Jaime

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English[edit]

Proper noun[edit]

Jaime

  1. A male given name from the Spanish form of James.
    • 1971 Charles Willeford, The Burnt Orange Heresy, page 220:
      They call you "Jim", don't they?' 'No,' I replied, hiding my irritation. 'I prefer James. My father named me Jaime, but no one ever seemed to pronounce it right, so I changed it to James. Not legally,' I added.
  2. A female given name, a variant of Jamie.
    • 2004, Kelly Armstrong, Industrial Magic, page 134:
      A few minutes later, Jaime stood and rubbed her shoulders. "You okay?" I asked. She made a noncommittal noise [...]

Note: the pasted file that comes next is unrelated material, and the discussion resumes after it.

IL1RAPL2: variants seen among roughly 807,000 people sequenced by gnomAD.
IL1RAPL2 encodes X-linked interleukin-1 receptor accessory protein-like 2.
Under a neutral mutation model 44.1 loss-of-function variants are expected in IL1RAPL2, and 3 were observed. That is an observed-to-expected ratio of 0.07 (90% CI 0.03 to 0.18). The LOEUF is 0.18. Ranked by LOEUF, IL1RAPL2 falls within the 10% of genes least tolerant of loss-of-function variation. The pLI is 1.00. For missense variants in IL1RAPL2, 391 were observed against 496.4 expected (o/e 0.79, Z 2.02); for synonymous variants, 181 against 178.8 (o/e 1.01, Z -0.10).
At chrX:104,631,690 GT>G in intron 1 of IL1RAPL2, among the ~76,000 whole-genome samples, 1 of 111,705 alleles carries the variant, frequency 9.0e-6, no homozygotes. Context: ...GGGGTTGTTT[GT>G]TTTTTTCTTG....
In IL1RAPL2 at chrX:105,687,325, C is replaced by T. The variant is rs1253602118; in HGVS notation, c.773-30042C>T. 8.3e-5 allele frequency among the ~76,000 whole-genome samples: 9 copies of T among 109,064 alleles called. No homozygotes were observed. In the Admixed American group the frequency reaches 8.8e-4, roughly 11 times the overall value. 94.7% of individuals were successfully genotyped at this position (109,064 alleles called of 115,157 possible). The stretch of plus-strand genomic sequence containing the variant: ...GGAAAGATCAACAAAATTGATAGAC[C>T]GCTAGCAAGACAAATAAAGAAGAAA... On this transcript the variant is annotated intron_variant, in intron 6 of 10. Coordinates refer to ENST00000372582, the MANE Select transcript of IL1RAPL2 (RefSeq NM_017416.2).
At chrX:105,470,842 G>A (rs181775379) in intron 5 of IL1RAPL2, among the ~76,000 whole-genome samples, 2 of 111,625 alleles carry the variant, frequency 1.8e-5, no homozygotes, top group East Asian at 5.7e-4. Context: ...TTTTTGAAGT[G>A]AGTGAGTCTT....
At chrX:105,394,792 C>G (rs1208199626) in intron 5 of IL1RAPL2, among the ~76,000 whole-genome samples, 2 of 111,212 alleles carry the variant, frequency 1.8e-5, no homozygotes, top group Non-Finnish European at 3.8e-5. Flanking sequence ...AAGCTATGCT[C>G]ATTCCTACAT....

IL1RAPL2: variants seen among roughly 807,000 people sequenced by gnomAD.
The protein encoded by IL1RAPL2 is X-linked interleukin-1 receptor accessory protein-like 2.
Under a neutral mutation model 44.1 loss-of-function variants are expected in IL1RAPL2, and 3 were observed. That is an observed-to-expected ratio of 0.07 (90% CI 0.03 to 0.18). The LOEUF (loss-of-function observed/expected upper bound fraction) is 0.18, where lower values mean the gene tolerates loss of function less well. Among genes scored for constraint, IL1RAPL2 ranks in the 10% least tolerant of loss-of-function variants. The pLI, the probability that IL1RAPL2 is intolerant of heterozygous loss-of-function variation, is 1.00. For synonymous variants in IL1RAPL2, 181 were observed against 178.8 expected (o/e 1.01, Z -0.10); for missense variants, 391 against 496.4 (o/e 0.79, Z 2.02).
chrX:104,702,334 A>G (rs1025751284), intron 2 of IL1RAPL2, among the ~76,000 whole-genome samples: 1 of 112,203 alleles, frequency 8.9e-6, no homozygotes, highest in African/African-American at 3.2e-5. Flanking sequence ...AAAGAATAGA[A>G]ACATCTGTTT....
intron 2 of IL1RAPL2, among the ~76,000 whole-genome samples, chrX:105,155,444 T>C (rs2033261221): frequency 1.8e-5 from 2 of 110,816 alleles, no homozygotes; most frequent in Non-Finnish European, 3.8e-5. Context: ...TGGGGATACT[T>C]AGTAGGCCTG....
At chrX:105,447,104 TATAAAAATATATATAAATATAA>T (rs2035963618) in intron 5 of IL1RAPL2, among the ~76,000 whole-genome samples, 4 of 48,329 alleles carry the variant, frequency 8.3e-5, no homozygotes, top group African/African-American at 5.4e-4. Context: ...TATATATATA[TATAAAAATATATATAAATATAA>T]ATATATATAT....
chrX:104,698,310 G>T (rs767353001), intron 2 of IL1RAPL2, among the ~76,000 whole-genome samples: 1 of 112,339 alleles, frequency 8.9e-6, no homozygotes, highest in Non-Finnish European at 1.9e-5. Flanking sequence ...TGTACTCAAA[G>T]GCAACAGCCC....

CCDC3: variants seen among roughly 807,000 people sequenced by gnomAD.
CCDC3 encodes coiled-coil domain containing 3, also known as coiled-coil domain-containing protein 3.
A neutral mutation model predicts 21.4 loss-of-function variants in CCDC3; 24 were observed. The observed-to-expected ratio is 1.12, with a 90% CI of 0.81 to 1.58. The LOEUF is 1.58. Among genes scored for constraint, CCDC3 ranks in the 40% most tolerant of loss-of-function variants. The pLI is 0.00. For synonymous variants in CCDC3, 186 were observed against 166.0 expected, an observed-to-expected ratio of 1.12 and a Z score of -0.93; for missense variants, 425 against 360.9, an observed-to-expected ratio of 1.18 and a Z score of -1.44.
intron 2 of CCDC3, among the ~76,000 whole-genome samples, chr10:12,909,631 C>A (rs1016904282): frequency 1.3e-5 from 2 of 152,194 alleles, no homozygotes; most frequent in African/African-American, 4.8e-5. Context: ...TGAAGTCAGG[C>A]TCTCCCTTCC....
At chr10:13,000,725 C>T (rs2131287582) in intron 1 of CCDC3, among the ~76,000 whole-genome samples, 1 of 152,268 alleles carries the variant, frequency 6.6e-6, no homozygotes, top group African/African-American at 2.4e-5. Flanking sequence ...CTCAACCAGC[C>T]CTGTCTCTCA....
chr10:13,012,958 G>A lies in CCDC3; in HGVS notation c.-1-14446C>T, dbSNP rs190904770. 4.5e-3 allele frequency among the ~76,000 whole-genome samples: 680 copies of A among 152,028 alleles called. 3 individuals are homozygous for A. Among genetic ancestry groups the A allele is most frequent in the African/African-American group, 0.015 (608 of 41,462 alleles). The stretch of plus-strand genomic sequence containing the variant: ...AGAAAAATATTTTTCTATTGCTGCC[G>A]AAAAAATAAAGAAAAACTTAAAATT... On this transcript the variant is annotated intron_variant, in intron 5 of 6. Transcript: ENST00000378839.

References[edit]

  • [1] U.S. Social Security Administration, accessed on December 10th, 2010: The first name Jaime was included in the top 1000 male names in 1942-2009, with a frequency never exceeding 0.1 %, and in the top 1000 female names in 1959, 1961-63, and 1965-2004, with a peak of 0.5 % in 1976. The data includes Spanish speaking U.S. citizens.

Anagrams[edit]


Portuguese[edit]

Proper noun[edit]

Jaime m

  1. A male given name, equivalent to James.

Spanish[edit]

Etymology[edit]

A Spanish form of Jacob, from Late Latin Iacomus, dialect variant of Iacobus, from Ancient Greek Ἰάκωβος (Iákōbos), from Ἰακώβ (Iakṓb), from Classical Hebrew יַעֲקֹב (Yaʿăqōḇ) (Jacob). The name Iacobus also gave in Spanish Yago and Santiago (Saint James), from Latin Sanctus (holy, saint) Iacobus (James). The name Diego is most likely derived from Santiago.

Pronunciation[edit]

  • IPA(key): /ˈxaime/, /ˈχaime/

Proper noun[edit]

Jaime m

  1. A male given name, equivalent to James.